Jan 172012

Yeah, it’s time I make this confession. Every since I’ve started playing the mechanics behind clerics have struck me as wrong. I can fully get behind the concept of the armored warrior-priest that’s no problem. It’s the spell casting that gets me.
Here’s how it works out in my crazy little mind. Cleric prays, “Oh mighty Crom, Today I want to heal my friends three times. I want bless them in combat and I want your divine protection.”
“OK, you got it.”
How I think it should go.
“Oh mighty Crom. Today I want to heal my friends three..”
“What? You dare call my name and ask for my aid to heal those weaklings! Be gone, worm!”
Basically, it comes down to this. The cleric wakes up and asks his god for a shopping list of spells and the god delivers no matter what. When domains were added that gave clerics a few more defined powers on their faith but they still have pretty much the same shopping list of spells. I’ve seen players make spell choices based on their character which is good and fine but still doesn’t quite fit into my little world view. So here you go. Clerical spell casting re-imagined for Swords & Wizardry.

Gods & Spells: The cleric spell list is broken done by god. Spells are designated as Canonical (Spells that reinforce or are aligned with the god’s philosophy/domain/portfolio.), Neutral (Spells that neither oppose or support the god’s goals), Heretical (Spells that go against the god’s goals). If a game master doesn’t want to spend the time breaking down the spells. He should clearly define what each god’s agenda. Also, the Turn Undead ability should be converted to a first level spell.

Spells per day: Unchanged.

Spell Casting & Preparation: Clerics do not prepare spells. As the need for divine aid arises, the cleric calls upon the divine favor of his deity. The cleric rolls a Saving Throw modified by the spell type (Canonical: +3, Neutral: Unmodified, Heretical: -3). If the Saving Throw is successful then the spell is cast. On a failure, the spell is not cast but it still counts against the cleric’s daily allocation of spells. In the event, the cleric attempts to cast a spell that is contrary to his god and rolls a Natural 1 then there may be additional consequences for calling forth such heretical power.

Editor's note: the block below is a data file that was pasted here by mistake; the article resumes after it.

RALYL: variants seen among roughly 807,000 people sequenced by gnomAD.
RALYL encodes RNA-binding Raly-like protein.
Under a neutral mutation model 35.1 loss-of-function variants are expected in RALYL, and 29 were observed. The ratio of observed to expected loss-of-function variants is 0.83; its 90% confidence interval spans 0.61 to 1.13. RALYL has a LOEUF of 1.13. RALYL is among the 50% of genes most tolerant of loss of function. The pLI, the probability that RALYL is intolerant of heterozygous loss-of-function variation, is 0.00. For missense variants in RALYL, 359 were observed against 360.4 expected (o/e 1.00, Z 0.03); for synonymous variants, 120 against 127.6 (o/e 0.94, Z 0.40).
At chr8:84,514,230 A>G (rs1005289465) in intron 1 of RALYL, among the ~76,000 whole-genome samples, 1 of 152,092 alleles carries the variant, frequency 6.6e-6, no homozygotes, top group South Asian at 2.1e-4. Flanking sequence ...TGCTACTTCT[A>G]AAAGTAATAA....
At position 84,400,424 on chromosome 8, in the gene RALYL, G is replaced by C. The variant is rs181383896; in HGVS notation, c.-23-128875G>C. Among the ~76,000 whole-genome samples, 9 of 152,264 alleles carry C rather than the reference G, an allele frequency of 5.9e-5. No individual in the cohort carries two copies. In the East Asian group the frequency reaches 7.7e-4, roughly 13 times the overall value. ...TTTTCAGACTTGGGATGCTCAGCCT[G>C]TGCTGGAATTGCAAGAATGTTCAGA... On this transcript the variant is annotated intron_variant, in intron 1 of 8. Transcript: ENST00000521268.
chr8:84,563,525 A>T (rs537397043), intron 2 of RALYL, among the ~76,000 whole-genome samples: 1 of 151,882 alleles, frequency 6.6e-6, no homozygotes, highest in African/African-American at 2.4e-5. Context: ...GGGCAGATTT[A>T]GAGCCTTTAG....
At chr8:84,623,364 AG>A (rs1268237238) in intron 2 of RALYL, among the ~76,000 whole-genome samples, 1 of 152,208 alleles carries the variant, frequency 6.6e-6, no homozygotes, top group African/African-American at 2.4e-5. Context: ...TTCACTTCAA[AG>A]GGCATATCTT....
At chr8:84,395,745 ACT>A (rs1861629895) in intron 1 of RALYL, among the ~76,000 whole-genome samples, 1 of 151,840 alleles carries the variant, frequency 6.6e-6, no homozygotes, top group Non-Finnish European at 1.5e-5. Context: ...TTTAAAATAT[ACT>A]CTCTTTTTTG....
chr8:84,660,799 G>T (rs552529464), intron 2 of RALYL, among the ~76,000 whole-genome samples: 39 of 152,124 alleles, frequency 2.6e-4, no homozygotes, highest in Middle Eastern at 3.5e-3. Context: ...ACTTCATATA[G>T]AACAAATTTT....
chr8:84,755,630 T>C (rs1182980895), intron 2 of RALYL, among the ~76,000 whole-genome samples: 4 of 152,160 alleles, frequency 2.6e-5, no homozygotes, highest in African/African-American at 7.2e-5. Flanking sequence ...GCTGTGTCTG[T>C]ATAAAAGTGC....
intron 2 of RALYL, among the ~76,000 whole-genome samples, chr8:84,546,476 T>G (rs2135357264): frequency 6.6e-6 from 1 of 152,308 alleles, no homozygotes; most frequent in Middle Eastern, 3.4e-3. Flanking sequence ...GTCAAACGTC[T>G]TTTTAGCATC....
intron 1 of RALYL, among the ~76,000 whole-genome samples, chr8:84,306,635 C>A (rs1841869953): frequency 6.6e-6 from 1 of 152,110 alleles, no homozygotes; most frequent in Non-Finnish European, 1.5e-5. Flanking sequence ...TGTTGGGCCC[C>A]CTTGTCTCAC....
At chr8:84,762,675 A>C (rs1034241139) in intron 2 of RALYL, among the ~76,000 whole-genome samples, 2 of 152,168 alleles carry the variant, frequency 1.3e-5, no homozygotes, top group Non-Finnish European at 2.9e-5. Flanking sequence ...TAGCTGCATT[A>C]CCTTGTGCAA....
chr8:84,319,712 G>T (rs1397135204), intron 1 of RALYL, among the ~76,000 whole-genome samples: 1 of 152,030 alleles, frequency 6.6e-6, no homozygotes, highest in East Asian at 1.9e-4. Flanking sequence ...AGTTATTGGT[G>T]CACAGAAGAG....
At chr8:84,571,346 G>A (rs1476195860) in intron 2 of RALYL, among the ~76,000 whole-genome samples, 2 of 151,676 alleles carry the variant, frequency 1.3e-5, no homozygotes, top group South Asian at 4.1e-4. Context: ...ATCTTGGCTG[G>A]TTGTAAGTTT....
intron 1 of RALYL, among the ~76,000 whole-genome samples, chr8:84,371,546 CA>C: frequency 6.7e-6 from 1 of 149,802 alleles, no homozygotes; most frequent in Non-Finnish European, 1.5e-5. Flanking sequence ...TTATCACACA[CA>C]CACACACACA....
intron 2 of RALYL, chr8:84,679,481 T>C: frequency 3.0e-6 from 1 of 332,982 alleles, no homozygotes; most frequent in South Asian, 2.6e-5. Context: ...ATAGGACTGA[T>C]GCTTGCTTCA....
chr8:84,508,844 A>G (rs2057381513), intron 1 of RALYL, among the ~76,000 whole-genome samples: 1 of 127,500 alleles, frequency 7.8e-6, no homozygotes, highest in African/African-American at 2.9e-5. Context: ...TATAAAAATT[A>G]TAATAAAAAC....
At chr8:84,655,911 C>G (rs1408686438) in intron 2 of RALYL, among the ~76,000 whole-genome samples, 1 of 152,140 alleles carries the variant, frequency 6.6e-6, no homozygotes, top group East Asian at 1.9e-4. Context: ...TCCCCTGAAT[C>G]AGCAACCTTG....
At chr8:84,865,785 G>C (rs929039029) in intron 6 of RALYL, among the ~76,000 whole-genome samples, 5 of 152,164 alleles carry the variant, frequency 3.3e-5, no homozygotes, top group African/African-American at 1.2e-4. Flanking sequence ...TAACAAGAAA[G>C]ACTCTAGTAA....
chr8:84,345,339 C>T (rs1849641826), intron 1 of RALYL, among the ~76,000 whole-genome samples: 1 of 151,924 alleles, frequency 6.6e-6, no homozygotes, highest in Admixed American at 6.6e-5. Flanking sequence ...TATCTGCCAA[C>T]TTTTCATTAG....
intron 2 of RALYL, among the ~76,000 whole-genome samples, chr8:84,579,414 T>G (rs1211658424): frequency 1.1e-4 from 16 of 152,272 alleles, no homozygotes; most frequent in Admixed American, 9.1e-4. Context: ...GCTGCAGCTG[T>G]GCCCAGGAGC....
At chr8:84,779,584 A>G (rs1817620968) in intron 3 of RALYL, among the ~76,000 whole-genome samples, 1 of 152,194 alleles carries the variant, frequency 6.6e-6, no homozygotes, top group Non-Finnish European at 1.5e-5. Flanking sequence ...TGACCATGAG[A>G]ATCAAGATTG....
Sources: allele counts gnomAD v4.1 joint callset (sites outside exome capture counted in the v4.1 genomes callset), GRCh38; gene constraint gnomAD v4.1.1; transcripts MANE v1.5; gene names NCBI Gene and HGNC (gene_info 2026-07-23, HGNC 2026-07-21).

6 Responses to “Clerics Have Always Bugged Me”

  1. Me too Chuck, the cleric class has always bugged me for the same reason. Last time I DM’d I used the Turn Undead as a 1st level spell and was happy with how it went. I like the complete package you’ve put together here and I reckon I might give it a spin next time I’m in the driver’s seat.

  2. Thanks man. I know it’s different but then it’s taken like thirty years for this idea to finally go some place.

  3. Nice solution for a Cleric type character is a Swords & Sorcery type campaign

  4. I only self-promote here because I think you might actually enjoy ripping this bit out and using it, but you may want to shoot me an email and I will send you a complimentary copy of Neoclassical Geek Revival, its priest system may appeal to you.

  5. Right there with you.

    One solution I’ve been looking at is stealing the idea of charges from Unknown Armies. Every time the cleric performs his proper rites, he gets a minor charge. Every time he does something awesome for his deity, he gets a major charge. If he violates one of the taboos of his faith, he loses his charges. To cast a spell, he spends charges. It’s a super-flavorful system that strongly encourages characters to behave according to their religion.

    Unfortunately, it really runs contrary to every design principle of d20. It is tricky to make it work in any level-based system. It rewards characters directly for their play, and is largely independent of their experience. You could bash something in which your level determines how many charges you can hold at a time, but it starts getting ugly fast.

  6. I rather like that rundown; makes them feel less fighter MU and more unique.

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